ARTS & CULTURE
By Pamir Kiciman
ORANGE COUNTY — “I like to have workshops. I like to have readings. I like for people to be sharing poetry. I think it’s a way to create community, to be in community.”
That’s Liza Wolff-Francis, the 2023-2024 Poet Laureate of Carrboro, a town that begins every town council meeting with a poetry reading. The town has a poets’ council as part of its arts committee that provides guidance for poetry programming.
“Poetry can be a great dialogue. We’re getting to know each other in community by what we share through poetry,” Wolff-Francis continued.
The poet laureate position was established by Carrboro in 2002. In an ongoing tradition, this year, Mayor Damon Seils once again proclaimed April Poetry Month, in conjunction with National Poetry Month.
Being a poet laureate isn’t a passive role where poets get to wax eloquent about the subject of their choice. It is an active position and carries the responsibility of promoting poetry and facilitating poetry events for the public. As such, throughout April Carrboro, Chapel Hill and Orange County are brimful with opportunities to witness poetry.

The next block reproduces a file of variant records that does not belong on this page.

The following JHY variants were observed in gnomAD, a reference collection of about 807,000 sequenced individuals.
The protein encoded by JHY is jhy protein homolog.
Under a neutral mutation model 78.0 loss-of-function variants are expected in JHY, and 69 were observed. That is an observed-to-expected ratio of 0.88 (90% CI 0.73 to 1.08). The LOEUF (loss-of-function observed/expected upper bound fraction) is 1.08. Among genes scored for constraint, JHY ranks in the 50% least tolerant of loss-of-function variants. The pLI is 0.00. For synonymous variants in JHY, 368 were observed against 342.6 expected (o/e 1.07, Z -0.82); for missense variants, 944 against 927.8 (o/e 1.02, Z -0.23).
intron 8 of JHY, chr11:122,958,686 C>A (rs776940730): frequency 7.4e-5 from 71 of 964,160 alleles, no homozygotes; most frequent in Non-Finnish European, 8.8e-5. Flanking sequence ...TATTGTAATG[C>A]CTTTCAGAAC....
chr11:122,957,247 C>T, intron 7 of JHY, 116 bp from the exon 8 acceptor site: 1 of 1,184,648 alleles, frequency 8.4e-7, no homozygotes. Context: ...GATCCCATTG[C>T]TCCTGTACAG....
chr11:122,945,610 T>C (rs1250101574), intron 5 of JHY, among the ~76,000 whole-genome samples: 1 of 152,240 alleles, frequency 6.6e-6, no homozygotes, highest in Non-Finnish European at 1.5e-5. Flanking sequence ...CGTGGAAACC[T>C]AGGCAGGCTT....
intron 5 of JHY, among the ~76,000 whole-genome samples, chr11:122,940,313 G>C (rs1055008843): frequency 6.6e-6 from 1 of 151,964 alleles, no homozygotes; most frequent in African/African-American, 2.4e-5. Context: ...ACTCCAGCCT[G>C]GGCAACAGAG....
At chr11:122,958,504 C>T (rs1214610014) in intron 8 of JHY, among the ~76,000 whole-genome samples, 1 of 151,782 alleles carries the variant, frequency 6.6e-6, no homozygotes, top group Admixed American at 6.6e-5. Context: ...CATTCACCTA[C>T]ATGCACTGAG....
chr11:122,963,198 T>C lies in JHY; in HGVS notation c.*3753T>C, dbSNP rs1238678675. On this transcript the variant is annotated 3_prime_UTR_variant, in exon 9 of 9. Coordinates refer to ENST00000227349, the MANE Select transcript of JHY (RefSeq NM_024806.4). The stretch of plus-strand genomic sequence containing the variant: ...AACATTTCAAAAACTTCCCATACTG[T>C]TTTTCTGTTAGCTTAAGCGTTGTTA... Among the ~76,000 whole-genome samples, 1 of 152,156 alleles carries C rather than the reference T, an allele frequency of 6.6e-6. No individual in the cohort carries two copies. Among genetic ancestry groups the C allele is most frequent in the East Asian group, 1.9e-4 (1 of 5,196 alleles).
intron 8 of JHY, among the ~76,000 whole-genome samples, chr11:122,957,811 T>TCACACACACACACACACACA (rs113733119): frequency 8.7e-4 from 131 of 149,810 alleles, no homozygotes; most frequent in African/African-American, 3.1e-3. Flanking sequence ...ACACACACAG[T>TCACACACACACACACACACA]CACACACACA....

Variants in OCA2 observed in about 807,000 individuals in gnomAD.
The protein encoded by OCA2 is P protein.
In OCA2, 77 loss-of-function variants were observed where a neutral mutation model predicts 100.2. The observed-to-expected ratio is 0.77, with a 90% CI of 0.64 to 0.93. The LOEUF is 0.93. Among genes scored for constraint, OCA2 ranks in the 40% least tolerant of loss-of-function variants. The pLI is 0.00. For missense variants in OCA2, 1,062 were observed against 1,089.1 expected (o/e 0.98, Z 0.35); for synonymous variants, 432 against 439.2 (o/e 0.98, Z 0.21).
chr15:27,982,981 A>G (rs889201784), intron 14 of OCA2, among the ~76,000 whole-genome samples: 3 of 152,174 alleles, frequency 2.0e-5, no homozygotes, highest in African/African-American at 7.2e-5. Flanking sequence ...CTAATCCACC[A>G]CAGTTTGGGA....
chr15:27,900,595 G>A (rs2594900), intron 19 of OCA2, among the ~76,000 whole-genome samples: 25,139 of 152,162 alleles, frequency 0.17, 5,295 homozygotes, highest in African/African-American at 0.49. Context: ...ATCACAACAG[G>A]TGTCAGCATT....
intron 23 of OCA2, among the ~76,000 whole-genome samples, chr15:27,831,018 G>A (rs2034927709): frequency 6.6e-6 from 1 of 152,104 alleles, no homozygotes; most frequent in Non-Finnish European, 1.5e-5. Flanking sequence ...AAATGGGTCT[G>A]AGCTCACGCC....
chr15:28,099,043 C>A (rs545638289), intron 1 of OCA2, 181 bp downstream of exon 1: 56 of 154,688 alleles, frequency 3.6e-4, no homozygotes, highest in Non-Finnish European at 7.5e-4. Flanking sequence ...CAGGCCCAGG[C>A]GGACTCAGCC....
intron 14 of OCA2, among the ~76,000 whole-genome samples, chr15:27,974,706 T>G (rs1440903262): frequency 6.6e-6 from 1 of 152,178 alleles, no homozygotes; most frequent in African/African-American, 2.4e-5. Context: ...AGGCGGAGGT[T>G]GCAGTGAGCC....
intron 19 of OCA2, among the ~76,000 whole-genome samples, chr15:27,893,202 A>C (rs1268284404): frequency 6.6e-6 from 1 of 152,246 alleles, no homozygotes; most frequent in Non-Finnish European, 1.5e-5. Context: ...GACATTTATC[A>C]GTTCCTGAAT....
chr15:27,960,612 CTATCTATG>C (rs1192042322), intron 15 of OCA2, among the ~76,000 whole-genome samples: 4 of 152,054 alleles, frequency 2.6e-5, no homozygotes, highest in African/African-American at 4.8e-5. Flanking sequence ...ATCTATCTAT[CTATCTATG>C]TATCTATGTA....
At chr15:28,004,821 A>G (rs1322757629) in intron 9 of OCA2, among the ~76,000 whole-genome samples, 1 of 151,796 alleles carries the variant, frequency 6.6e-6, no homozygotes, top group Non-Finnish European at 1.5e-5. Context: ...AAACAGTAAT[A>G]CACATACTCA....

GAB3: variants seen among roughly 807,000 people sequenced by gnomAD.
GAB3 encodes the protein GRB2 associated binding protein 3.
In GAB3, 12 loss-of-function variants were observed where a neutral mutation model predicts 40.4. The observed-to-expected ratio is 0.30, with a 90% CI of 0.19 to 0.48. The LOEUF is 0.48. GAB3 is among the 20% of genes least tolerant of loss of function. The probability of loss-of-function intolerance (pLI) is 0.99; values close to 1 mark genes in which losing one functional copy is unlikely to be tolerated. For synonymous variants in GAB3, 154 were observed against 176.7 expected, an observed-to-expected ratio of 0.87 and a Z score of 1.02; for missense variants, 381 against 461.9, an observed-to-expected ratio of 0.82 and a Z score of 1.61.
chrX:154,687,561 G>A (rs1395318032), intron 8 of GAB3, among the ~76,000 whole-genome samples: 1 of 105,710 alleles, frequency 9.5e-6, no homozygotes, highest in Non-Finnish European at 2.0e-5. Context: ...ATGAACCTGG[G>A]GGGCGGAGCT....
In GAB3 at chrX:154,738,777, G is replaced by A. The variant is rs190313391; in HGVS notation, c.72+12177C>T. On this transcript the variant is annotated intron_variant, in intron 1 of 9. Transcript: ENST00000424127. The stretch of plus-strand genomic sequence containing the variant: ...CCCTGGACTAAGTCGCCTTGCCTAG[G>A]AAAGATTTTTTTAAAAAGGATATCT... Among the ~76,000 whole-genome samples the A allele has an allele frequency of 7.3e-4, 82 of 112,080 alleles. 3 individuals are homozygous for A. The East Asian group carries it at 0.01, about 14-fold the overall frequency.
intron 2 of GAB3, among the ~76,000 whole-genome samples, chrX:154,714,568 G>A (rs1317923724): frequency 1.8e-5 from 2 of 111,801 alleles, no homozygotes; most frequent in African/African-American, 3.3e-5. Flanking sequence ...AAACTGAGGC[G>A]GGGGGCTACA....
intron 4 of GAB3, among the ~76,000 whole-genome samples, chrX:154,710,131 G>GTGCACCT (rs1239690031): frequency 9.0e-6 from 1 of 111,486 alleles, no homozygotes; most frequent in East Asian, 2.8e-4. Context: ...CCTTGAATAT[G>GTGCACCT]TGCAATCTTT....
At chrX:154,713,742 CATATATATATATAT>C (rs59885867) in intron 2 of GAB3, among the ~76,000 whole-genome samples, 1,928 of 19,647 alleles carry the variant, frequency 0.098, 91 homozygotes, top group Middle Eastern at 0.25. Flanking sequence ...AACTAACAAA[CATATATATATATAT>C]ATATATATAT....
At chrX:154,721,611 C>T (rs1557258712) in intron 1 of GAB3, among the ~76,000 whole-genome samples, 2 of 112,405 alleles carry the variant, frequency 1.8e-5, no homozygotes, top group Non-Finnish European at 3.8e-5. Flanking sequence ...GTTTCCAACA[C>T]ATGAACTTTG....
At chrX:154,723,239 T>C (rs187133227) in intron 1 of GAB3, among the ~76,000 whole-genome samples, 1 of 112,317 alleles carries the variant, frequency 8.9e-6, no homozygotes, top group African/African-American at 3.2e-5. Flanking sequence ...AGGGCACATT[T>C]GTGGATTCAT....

For example, Wolff-Francis will conduct Write and Read workshops for kids ages 5-7, 8-14 and 14+/15-18 on April 8 at Carrboro Town Hall.
Earth Day, April 22, is also full of poetry programming. Refer to this graphic from the town of Carrboro.
Wolff-Francis feels poems let us take, “the side door, versus the front door. You can speak in metaphor or in simile so that people think about a different perspective because no one wants to listen to my opinion, but they might listen to my poem. Hopefully it allows you to wander a little further than a news article and lets you use your thinking abilities in a different way.”
The county has two poet laureates — Hillsborough and Durham have their own programs as well — plus a Piedmont Laureate co-sponsored by art commissions and councils in Raleigh, Durham, Orange County and Wake County.